At some point in your breastfeeding or pumping journey it’s inevitable you’ll come down with a cold or bug—and you’ll probably consider medication to help you feel better while you take care of your baby. However, if you’re feeding your little one with breast milk, understanding which medications are generally considered safe for breastfeeding and which medications you may want to avoid is essential.
Various amounts of medications you take can pass into your breast milk. So, whether you’re nursing, pumping or both and are under the weather, here are some key points about common cold and flu medications to consider while breastfeeding. We’ve also included a few alternatives to medications that are safe for most breastfeeding mamas.
Can I take cold and flu medications while breastfeeding?
The short answer is yes, with some exceptions. For example, if a fever, aches, pains or a headache are your symptoms, acetaminophen (Tylenol) or ibuprofen (Advil or Motrin) can generally be taken. However, other medications, such as pseudoephedrine (Sudafed), may not be ideal.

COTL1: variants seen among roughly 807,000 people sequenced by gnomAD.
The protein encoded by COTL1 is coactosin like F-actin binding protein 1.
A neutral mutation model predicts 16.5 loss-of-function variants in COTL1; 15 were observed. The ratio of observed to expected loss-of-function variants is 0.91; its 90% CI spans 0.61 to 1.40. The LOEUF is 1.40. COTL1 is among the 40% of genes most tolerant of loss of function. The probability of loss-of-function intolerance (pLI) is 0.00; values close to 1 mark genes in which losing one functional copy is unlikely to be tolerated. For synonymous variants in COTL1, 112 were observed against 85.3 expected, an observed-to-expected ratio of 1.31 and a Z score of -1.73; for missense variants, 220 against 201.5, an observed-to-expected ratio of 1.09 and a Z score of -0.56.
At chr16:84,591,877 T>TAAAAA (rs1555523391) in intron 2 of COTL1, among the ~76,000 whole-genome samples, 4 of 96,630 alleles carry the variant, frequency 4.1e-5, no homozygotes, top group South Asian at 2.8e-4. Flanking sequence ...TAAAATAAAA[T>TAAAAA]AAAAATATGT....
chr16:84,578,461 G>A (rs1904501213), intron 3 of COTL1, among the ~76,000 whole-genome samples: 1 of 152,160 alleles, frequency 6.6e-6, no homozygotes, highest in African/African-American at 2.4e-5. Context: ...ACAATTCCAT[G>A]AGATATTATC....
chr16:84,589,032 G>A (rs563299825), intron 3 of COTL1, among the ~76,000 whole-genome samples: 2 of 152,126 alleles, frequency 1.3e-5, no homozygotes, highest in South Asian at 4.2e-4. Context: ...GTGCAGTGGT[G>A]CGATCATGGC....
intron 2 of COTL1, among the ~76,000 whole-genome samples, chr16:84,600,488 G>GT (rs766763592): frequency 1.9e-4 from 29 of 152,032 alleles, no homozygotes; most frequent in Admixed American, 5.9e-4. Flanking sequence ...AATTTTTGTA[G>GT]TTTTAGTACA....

Besides over-the-counter and prescribed medications, there are also several home remedies you can try. Here are some of the more common cold and flu medications you may consider while breastfeeding and how they might affect you, your baby and your breast milk.
Should I keep breastfeeding while I’m sick?
Should you breastfeed while sick? Also yes! Continuing to breastfeed your baby while you’re sick with a cold or virus can help pass on antibodies to your little one as protection—and also ensures that your milk supply won’t decrease. If you’re worried about passing on germs to your baby, know that by the time you start to see symptoms develop, your little one has likely already been exposed. But through the antibodies in your breast milk, you can give your baby a head start in fighting off the infection, The American Academy of Pediatrics (AAP) notes.
What to know about fever and pain medications when breastfeeding
The Drugs and Lactation Database known as LactMed, a trusted government resource, provides insight into the safety of various drugs, medications and supplements when breastfeeding. In general, acetaminophen and ibuprofen are considered safe for nursing mamas to take.